Judicial review—what it is and when it can be used
Produced in partnership with Mathew Purchase of Matrix Chambers and Dr Mirza Ahmad of St Philips Chambers
Judicial review—what it is and when it can be used

The following Public Law practice note Produced in partnership with Mathew Purchase of Matrix Chambers and Dr Mirza Ahmad of St Philips Chambers provides comprehensive and up to date legal information covering:

  • Judicial review—what it is and when it can be used
  • What is Judicial Review?
  • Preliminary and pre-action considerations
  • Who and what can be challenged?
  • Is the defendant a public body?
  • Was the act or omission complained of ‘public in nature’?
  • Who can bring a claim?
  • When to use judicial review rather than other possible remedies—judicial review v private law proceedings
  • Remedy of last resort—is there a suitable alternative remedy?
  • On what grounds may a claim be brought?
  • More...

What is Judicial Review?

Judicial review is a process by which the courts exercise a supervisory jurisdiction over the exercise of public functions by public bodies. This supervisory jurisdiction should not be confused with or considered to be a right of appeal.

CPR 54.1 states that:

a 'claim for judicial review' means a claim to review the lawfulness of–

  1. an enactment or

  2. a decision, action or failure to act in relation to the exercise of a public function.’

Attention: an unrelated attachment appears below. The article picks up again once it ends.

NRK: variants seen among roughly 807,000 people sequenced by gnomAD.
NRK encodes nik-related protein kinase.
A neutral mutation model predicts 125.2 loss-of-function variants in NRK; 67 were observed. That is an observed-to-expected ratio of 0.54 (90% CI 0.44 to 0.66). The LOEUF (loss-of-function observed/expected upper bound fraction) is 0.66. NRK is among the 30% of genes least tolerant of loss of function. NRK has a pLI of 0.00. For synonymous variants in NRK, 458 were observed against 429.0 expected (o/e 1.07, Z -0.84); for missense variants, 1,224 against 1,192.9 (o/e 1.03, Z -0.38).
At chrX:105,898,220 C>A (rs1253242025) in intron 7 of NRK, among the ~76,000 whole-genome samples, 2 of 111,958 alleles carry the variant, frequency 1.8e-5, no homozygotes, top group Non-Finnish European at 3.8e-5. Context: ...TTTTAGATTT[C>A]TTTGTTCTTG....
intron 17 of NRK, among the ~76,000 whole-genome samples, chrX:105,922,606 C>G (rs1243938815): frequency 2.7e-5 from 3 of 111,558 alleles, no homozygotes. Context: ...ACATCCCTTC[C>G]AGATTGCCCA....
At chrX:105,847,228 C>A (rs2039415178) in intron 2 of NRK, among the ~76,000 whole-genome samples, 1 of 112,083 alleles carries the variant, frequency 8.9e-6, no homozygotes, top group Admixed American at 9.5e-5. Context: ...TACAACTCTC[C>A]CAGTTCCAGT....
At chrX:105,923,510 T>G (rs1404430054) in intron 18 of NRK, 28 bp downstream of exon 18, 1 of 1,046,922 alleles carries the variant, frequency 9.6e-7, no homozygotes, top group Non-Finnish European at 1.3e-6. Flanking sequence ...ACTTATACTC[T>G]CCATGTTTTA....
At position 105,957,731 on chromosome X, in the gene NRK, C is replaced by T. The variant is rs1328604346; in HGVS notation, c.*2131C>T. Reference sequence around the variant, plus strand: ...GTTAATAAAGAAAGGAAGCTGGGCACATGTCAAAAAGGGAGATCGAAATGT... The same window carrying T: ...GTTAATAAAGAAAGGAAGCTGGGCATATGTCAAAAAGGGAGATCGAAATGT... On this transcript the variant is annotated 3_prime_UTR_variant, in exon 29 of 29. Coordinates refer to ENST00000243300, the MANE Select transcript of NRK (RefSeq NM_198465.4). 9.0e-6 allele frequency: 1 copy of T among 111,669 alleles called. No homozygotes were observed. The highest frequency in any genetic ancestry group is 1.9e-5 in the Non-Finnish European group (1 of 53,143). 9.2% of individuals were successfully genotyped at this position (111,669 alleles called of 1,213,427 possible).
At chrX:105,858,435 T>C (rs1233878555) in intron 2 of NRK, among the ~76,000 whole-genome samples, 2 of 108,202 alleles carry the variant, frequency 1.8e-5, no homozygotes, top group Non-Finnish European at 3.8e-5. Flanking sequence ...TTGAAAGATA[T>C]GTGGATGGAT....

Proceedings normally take place in the Administrative Court, which is part of the Queen’s Bench Division of the High Court. Judicial review proceedings are subject to a number of Civil Procedure Rules, Practice Directions and a pre-action protocol. Additional guidance is also provided in the Administrative Court Judicial Review Guide. The guide is designed to assist parties conducting judicial review claims in the Administrative Court, collating relevant statutory provisions, procedural rules, practice directions, case law and guidance. The guide aims to ensure efficient use of court resources and to help achieve the overriding objective of dealing with cases justly and at proportionate cost.

The key rules governing the judicial review process are set out in section 31 of the Senior Courts Act 1981 (SCA 1981) and CPR 54, which modifies CPR 8. However, other provisions of the CPR, such as those concerning costs, may also be applicable. SCA 1981, s

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